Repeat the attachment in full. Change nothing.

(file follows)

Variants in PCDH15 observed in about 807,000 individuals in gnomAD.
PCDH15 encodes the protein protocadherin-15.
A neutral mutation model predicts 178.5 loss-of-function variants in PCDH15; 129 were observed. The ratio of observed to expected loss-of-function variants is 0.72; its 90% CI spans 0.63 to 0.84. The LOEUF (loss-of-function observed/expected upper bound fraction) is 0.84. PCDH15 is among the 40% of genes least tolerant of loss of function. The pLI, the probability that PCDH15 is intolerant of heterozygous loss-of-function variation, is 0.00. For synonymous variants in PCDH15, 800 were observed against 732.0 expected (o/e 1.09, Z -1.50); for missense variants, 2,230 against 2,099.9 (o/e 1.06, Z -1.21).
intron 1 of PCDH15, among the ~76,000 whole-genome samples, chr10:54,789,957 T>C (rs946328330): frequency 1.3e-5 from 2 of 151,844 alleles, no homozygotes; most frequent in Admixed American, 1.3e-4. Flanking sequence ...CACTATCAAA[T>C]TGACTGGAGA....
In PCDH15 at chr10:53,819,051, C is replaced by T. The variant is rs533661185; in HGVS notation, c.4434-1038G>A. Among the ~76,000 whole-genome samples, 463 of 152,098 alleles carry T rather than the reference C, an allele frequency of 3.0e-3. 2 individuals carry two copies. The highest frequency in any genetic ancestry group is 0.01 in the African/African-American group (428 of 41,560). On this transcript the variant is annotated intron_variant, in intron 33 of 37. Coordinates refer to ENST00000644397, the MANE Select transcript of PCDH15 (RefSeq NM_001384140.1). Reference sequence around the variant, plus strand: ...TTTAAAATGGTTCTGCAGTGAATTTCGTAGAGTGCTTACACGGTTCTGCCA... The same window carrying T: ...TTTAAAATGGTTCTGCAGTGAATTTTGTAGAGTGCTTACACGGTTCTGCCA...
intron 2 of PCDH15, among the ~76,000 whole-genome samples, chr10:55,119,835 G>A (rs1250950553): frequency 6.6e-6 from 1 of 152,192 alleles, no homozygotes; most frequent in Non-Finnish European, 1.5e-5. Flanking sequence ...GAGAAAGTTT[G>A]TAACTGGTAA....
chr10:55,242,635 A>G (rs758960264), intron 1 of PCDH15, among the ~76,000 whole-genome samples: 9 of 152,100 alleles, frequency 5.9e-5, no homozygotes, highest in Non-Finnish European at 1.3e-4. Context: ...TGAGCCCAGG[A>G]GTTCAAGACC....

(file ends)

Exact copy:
Variants in PCDH15 observed in about 807,000 individuals in gnomAD.
PCDH15 encodes the protein protocadherin-15.
A neutral mutation model predicts 178.5 loss-of-function variants in PCDH15; 129 were observed. The ratio of observed to expected loss-of-function variants is 0.72; its 90% CI spans 0.63 to 0.84. The LOEUF (loss-of-function observed/expected upper bound fraction) is 0.84. PCDH15 is among the 40% of genes least tolerant of loss of function. The pLI, the probability that PCDH15 is intolerant of heterozygous loss-of-function variation, is 0.00. For synonymous variants in PCDH15, 800 were observed against 732.0 expected (o/e 1.09, Z -1.50); for missense variants, 2,230 against 2,099.9 (o/e 1.06, Z -1.21).
intron 1 of PCDH15, among the ~76,000 whole-genome samples, chr10:54,789,957 T>C (rs946328330): frequency 1.3e-5 from 2 of 151,844 alleles, no homozygotes; most frequent in Admixed American, 1.3e-4. Flanking sequence ...CACTATCAAA[T>C]TGACTGGAGA....
In PCDH15 at chr10:53,819,051, C is replaced by T. The variant is rs533661185; in HGVS notation, c.4434-1038G>A. Among the ~76,000 whole-genome samples, 463 of 152,098 alleles carry T rather than the reference C, an allele frequency of 3.0e-3. 2 individuals carry two copies. The highest frequency in any genetic ancestry group is 0.01 in the African/African-American group (428 of 41,560). On this transcript the variant is annotated intron_variant, in intron 33 of 37. Coordinates refer to ENST00000644397, the MANE Select transcript of PCDH15 (RefSeq NM_001384140.1). Reference sequence around the variant, plus strand: ...TTTAAAATGGTTCTGCAGTGAATTTCGTAGAGTGCTTACACGGTTCTGCCA... The same window carrying T: ...TTTAAAATGGTTCTGCAGTGAATTTTGTAGAGTGCTTACACGGTTCTGCCA...
intron 2 of PCDH15, among the ~76,000 whole-genome samples, chr10:55,119,835 G>A (rs1250950553): frequency 6.6e-6 from 1 of 152,192 alleles, no homozygotes; most frequent in Non-Finnish European, 1.5e-5. Flanking sequence ...GAGAAAGTTT[G>A]TAACTGGTAA....
chr10:55,242,635 A>G (rs758960264), intron 1 of PCDH15, among the ~76,000 whole-genome samples: 9 of 152,100 alleles, frequency 5.9e-5, no homozygotes, highest in Non-Finnish European at 1.3e-4. Context: ...TGAGCCCAGG[A>G]GTTCAAGACC....